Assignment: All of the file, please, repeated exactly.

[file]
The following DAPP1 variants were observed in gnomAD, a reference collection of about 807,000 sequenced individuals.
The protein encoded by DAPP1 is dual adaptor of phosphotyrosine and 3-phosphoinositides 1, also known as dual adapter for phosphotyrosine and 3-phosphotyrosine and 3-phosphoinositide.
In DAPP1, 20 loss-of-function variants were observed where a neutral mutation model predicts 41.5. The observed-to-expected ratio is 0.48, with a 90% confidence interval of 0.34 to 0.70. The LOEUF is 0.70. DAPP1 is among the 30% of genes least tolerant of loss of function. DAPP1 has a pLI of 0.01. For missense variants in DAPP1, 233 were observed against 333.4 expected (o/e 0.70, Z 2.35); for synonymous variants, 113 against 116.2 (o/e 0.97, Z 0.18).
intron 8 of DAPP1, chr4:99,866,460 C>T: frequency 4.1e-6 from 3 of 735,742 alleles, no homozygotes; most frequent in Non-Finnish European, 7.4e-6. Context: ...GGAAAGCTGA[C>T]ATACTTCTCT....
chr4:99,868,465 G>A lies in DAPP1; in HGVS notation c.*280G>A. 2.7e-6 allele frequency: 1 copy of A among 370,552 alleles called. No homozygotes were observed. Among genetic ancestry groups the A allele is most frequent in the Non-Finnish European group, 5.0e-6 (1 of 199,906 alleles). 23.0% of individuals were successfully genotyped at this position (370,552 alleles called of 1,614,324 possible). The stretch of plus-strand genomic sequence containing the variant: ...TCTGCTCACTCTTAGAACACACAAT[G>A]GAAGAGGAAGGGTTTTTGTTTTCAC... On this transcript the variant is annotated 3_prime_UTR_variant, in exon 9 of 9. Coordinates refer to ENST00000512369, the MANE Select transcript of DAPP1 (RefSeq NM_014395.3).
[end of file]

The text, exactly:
The following DAPP1 variants were observed in gnomAD, a reference collection of about 807,000 sequenced individuals.
The protein encoded by DAPP1 is dual adaptor of phosphotyrosine and 3-phosphoinositides 1, also known as dual adapter for phosphotyrosine and 3-phosphotyrosine and 3-phosphoinositide.
In DAPP1, 20 loss-of-function variants were observed where a neutral mutation model predicts 41.5. The observed-to-expected ratio is 0.48, with a 90% confidence interval of 0.34 to 0.70. The LOEUF is 0.70. DAPP1 is among the 30% of genes least tolerant of loss of function. DAPP1 has a pLI of 0.01. For missense variants in DAPP1, 233 were observed against 333.4 expected (o/e 0.70, Z 2.35); for synonymous variants, 113 against 116.2 (o/e 0.97, Z 0.18).
intron 8 of DAPP1, chr4:99,866,460 C>T: frequency 4.1e-6 from 3 of 735,742 alleles, no homozygotes; most frequent in Non-Finnish European, 7.4e-6. Context: ...GGAAAGCTGA[C>T]ATACTTCTCT....
chr4:99,868,465 G>A lies in DAPP1; in HGVS notation c.*280G>A. 2.7e-6 allele frequency: 1 copy of A among 370,552 alleles called. No homozygotes were observed. Among genetic ancestry groups the A allele is most frequent in the Non-Finnish European group, 5.0e-6 (1 of 199,906 alleles). 23.0% of individuals were successfully genotyped at this position (370,552 alleles called of 1,614,324 possible). The stretch of plus-strand genomic sequence containing the variant: ...TCTGCTCACTCTTAGAACACACAAT[G>A]GAAGAGGAAGGGTTTTTGTTTTCAC... On this transcript the variant is annotated 3_prime_UTR_variant, in exon 9 of 9. Coordinates refer to ENST00000512369, the MANE Select transcript of DAPP1 (RefSeq NM_014395.3).